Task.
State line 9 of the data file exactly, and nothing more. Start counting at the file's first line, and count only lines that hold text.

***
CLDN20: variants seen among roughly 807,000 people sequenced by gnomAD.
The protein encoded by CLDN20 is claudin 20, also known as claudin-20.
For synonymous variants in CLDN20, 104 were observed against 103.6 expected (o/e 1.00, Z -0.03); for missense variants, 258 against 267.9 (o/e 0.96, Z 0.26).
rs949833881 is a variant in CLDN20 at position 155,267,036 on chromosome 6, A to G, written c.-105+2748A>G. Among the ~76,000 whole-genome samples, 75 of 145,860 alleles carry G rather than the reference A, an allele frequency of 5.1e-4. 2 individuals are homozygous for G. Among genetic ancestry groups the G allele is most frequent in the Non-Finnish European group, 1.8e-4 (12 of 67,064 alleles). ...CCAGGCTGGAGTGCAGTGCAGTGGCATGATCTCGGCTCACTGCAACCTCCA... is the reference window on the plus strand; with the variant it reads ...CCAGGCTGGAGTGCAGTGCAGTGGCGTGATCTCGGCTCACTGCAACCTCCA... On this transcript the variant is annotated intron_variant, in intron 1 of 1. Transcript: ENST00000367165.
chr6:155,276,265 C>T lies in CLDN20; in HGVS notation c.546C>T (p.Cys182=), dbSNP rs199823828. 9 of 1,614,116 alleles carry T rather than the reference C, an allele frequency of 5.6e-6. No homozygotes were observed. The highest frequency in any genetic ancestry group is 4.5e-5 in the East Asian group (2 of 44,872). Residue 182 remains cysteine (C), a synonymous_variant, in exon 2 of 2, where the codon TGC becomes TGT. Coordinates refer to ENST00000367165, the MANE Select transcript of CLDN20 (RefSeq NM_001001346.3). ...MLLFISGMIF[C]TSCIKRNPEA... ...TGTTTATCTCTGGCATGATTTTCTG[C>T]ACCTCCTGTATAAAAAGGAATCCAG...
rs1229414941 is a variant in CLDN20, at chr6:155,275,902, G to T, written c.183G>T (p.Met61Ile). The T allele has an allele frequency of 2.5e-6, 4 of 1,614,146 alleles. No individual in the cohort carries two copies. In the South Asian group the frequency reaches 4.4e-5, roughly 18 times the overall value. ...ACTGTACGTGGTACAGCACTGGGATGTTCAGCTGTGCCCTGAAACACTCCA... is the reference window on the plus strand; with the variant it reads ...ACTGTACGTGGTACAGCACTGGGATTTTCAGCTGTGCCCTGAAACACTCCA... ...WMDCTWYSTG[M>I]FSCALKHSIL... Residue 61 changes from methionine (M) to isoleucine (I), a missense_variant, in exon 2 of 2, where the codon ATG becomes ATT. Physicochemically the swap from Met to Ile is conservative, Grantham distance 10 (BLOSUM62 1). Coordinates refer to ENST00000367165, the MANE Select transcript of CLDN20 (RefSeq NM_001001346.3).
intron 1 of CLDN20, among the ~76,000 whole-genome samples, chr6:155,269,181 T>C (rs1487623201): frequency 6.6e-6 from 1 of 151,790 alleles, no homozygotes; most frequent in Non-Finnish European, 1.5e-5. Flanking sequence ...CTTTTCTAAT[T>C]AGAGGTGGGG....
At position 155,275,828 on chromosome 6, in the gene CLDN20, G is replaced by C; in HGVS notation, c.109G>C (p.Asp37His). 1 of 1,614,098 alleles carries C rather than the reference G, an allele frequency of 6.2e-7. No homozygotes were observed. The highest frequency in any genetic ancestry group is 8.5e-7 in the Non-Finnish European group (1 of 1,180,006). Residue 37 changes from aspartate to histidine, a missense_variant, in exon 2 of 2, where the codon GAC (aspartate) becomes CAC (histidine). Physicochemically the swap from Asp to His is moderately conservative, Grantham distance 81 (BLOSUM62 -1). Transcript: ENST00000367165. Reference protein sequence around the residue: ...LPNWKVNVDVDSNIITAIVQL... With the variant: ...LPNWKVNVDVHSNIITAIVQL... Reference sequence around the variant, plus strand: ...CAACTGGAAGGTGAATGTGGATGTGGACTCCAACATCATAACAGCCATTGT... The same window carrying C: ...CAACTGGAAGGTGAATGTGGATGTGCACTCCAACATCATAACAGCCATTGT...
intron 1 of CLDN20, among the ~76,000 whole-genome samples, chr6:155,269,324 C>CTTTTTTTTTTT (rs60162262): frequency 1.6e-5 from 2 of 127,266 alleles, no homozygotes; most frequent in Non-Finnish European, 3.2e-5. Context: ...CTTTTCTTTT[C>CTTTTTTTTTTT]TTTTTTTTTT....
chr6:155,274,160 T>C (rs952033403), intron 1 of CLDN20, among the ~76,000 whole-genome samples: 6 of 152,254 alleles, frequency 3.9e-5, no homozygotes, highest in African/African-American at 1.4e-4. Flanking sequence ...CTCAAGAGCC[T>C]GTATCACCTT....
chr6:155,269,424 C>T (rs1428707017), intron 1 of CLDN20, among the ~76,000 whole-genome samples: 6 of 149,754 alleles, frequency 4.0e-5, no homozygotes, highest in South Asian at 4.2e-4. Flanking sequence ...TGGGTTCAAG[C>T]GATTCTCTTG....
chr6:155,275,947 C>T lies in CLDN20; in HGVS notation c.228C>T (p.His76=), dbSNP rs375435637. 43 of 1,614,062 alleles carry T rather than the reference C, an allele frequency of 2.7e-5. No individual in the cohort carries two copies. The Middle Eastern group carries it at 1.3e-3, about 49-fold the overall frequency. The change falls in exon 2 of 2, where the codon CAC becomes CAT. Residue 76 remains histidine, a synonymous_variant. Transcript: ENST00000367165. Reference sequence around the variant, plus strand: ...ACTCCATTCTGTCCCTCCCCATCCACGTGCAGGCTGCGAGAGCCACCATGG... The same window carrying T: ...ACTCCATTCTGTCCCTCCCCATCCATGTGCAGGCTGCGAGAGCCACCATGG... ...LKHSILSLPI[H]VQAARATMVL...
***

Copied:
intron 1 of CLDN20, among the ~76,000 whole-genome samples, chr6:155,269,324 C>CTTTTTTTTTTT (rs60162262): frequency 1.6e-5 from 2 of 127,266 alleles, no homozygotes; most frequent in Non-Finnish European, 3.2e-5. Context: ...CTTTTCTTTT[C>CTTTTTTTTTTT]TTTTTTTTTT....